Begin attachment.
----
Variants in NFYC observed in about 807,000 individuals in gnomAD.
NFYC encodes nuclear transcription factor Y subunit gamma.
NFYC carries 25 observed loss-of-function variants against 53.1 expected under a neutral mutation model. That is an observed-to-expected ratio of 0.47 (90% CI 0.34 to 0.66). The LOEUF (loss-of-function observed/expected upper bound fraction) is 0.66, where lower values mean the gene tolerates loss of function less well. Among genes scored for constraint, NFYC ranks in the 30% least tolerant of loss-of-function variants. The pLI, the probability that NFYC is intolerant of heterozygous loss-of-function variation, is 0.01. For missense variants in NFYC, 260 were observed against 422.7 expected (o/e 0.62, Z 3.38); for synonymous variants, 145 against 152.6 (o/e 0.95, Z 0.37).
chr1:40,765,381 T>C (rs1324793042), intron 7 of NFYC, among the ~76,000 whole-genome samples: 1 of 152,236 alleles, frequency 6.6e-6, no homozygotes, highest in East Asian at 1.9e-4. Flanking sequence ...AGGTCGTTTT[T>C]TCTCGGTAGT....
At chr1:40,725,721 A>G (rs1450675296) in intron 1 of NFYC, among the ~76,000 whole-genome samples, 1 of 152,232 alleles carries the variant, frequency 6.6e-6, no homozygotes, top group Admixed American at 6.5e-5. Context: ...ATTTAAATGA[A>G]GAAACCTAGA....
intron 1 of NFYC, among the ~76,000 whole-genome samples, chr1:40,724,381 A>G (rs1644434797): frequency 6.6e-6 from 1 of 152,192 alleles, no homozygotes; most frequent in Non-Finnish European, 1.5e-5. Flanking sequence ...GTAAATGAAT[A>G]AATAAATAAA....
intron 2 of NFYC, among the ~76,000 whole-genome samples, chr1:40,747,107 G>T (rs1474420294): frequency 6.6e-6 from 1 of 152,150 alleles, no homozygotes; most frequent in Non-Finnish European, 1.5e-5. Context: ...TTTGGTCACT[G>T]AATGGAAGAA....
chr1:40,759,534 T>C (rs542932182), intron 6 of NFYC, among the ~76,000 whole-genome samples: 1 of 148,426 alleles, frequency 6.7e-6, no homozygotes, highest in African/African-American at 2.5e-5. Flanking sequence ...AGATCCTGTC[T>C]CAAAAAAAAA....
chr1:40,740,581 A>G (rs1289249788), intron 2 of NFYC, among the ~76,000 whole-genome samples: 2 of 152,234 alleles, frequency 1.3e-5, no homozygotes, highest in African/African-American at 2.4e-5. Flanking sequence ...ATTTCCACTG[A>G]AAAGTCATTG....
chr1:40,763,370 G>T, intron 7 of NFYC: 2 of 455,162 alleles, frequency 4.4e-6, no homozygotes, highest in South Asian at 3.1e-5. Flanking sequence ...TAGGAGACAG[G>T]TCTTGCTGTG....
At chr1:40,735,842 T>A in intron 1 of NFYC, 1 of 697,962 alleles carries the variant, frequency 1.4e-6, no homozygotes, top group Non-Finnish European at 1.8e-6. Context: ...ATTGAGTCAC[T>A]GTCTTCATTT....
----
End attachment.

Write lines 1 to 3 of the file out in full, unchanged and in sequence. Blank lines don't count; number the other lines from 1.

Variants in NFYC observed in about 807,000 individuals in gnomAD.
NFYC encodes nuclear transcription factor Y subunit gamma.
NFYC carries 25 observed loss-of-function variants against 53.1 expected under a neutral mutation model. That is an observed-to-expected ratio of 0.47 (90% CI 0.34 to 0.66). The LOEUF (loss-of-function observed/expected upper bound fraction) is 0.66, where lower values mean the gene tolerates loss of function less well. Among genes scored for constraint, NFYC ranks in the 30% least tolerant of loss-of-function variants. The pLI, the probability that NFYC is intolerant of heterozygous loss-of-function variation, is 0.01. For missense variants in NFYC, 260 were observed against 422.7 expected (o/e 0.62, Z 3.38); for synonymous variants, 145 against 152.6 (o/e 0.95, Z 0.37).